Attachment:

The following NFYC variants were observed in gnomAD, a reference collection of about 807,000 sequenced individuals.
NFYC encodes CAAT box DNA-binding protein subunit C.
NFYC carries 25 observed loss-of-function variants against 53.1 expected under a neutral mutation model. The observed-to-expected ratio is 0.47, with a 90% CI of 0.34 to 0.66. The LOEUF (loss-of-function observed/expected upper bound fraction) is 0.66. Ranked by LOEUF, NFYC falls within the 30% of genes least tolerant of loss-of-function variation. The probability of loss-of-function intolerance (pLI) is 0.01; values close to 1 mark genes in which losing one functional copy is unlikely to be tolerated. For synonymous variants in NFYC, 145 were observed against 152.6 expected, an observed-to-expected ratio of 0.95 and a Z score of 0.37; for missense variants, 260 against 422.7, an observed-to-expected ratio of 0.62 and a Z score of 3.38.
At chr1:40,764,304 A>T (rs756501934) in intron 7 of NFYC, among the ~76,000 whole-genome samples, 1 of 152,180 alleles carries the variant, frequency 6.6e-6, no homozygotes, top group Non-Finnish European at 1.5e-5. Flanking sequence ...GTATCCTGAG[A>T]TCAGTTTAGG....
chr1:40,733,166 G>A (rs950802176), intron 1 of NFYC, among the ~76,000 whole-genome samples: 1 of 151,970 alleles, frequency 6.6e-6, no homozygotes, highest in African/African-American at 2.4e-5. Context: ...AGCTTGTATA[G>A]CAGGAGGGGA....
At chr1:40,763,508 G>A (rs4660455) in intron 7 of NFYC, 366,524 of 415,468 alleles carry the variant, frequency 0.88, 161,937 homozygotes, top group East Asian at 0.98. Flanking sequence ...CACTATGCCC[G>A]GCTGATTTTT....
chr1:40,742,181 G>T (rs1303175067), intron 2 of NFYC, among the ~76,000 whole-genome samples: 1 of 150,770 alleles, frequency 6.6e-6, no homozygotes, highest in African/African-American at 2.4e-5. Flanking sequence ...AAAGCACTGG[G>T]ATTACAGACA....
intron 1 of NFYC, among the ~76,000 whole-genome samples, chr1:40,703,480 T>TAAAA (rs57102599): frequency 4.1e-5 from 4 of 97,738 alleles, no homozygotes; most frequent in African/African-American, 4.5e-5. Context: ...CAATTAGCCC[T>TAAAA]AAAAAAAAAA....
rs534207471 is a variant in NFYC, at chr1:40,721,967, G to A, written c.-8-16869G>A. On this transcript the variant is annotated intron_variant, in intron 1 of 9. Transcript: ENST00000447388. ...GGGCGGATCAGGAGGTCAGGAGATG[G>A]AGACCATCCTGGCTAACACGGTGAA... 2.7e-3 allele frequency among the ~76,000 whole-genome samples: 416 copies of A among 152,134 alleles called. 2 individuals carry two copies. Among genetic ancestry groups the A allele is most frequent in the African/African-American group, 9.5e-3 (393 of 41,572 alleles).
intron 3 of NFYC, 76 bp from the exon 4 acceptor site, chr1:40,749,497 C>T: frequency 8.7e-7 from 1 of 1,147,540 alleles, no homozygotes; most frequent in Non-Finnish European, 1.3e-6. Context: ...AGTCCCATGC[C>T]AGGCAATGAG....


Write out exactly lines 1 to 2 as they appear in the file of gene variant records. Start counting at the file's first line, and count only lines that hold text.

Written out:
The following NFYC variants were observed in gnomAD, a reference collection of about 807,000 sequenced individuals.
NFYC encodes CAAT box DNA-binding protein subunit C.